"Final Fantasy: The Spirits Within" wallows in New Age mysticism, offering an infantile interpretation of the Gaia myth that the planet is a living thing with a soul of its own.
Set in 2065, "Final Fantasy" traces the remnants of humanity as they battle an infestation of life-sucking phantoms that landed on Earth aboard a meteor 34 years earlier.
Leading the struggle is Aki Ross (voiced by Ming-Na), a beautiful scientist who's gradually succumbing to a phantom that has infected her body. Aki plays field agent for her mentor, Dr. Sid (Donald Sutherland), who dispatches her around the globe to gather a collection of "spirits" life forces that can counteract the phantoms and boot them off our little rock. Joining Aki and Sid are Capt. Gray Edwards (Alec Baldwin) and his alien-butt-kicking SWAT team (Peri Gilpin, Ving Rhames and Steve Buscemi).
Then there's Gen. Hein (James Woods), who favors a military solution: the Zeus Cannon, a giant space bazooka that Aki and Sid fear will harm Mama Gaia.
Director Hironobu Sakaguchi, who created the "Final Fantasy" games, manages the dark, moody atmosphere well enough. But the script by Al Reinert and Jeff Vintar bogs down in cryptic yammering and leaden techno-prattle.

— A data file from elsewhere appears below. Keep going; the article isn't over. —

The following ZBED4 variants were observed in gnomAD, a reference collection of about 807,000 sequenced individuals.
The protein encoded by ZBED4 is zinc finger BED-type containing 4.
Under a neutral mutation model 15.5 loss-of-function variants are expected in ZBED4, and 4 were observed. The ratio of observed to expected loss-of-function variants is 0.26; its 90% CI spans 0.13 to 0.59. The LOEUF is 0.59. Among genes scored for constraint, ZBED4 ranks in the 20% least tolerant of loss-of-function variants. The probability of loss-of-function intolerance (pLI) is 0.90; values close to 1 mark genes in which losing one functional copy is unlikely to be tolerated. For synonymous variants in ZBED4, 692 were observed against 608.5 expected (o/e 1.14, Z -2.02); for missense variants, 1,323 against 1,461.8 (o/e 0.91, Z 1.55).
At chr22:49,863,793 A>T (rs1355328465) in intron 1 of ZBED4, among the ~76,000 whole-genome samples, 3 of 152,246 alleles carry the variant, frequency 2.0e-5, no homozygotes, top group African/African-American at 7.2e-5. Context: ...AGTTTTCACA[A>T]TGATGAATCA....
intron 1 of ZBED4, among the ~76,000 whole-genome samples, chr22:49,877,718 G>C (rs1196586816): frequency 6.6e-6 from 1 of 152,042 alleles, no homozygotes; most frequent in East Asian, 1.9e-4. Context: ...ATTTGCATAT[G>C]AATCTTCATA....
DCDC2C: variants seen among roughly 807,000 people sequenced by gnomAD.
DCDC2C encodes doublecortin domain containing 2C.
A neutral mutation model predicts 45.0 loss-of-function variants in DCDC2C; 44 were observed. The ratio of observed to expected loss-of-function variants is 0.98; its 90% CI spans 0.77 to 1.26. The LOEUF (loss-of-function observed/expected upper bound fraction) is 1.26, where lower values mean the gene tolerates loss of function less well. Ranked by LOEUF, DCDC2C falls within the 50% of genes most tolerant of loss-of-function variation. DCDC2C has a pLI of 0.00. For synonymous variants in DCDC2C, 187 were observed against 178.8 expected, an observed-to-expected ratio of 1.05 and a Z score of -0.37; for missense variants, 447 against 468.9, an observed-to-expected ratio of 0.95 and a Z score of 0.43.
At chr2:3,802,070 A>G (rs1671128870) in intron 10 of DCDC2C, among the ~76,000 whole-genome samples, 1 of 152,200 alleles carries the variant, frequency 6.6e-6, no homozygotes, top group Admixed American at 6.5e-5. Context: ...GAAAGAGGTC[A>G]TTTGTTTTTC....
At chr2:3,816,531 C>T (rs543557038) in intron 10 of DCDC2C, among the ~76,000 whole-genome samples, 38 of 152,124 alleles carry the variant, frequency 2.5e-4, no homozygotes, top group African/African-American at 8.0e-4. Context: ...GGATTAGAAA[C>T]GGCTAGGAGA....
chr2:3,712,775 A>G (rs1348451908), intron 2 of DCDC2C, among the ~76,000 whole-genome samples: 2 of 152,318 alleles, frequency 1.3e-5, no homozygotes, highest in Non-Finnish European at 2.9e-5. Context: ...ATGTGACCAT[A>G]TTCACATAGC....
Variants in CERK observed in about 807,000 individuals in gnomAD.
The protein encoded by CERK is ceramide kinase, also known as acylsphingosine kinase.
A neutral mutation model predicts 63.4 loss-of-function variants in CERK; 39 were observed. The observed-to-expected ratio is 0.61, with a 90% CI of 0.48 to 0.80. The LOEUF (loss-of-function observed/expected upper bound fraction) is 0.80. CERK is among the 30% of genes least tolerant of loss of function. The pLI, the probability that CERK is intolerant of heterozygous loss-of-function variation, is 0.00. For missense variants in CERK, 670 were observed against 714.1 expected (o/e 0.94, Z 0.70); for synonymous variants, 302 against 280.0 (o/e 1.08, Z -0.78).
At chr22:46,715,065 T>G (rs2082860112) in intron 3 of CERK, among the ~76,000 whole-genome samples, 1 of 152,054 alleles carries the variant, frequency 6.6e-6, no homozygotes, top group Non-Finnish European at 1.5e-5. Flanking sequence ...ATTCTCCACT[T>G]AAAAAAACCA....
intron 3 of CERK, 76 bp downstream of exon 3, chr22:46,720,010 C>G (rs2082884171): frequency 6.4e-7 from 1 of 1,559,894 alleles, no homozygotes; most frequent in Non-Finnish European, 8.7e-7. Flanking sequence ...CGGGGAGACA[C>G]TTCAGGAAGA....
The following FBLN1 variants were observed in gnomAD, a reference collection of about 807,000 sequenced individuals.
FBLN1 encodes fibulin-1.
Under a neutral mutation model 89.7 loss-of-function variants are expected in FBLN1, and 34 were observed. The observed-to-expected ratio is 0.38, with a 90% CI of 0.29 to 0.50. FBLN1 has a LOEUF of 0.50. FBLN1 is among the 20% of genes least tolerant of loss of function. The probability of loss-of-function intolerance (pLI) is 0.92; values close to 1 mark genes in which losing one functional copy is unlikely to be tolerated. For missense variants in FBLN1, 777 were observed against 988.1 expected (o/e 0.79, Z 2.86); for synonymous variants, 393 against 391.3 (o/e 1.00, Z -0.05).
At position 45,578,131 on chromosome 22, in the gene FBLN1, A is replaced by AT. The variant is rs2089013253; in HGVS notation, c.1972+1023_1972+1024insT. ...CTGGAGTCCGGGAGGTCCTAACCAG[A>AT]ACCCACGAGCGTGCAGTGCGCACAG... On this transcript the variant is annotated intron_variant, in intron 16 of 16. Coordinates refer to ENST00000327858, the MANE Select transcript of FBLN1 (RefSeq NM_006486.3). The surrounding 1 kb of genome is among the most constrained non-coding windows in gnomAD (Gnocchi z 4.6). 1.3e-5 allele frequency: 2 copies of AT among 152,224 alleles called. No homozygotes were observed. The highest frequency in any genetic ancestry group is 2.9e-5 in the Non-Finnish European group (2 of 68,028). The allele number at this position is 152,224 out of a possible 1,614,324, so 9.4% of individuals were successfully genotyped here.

The one great achievement of "Final Fantasy" is Aki. The detail in her features is remarkable, down to her eyelashes, pores and freckles. Yet so much effort is expended on Aki that other characters especially Hein, Edwards and his stormtroopers seem to have gotten shortchanged, coming across as amorphous mannequins.
The real problem is that there's simply not much story to "Final Fantasy." The filmmakers were content to make pretty pictures and pile on tree-hugging conceptions about the circle of life and vague notions of some collective Earth spirit.
What's the point of creating these pixel people if all they do is elicit yawns? Surely, we all can find real people in our lives to bore us without having to pay money to see fake ones do it in a movie theater.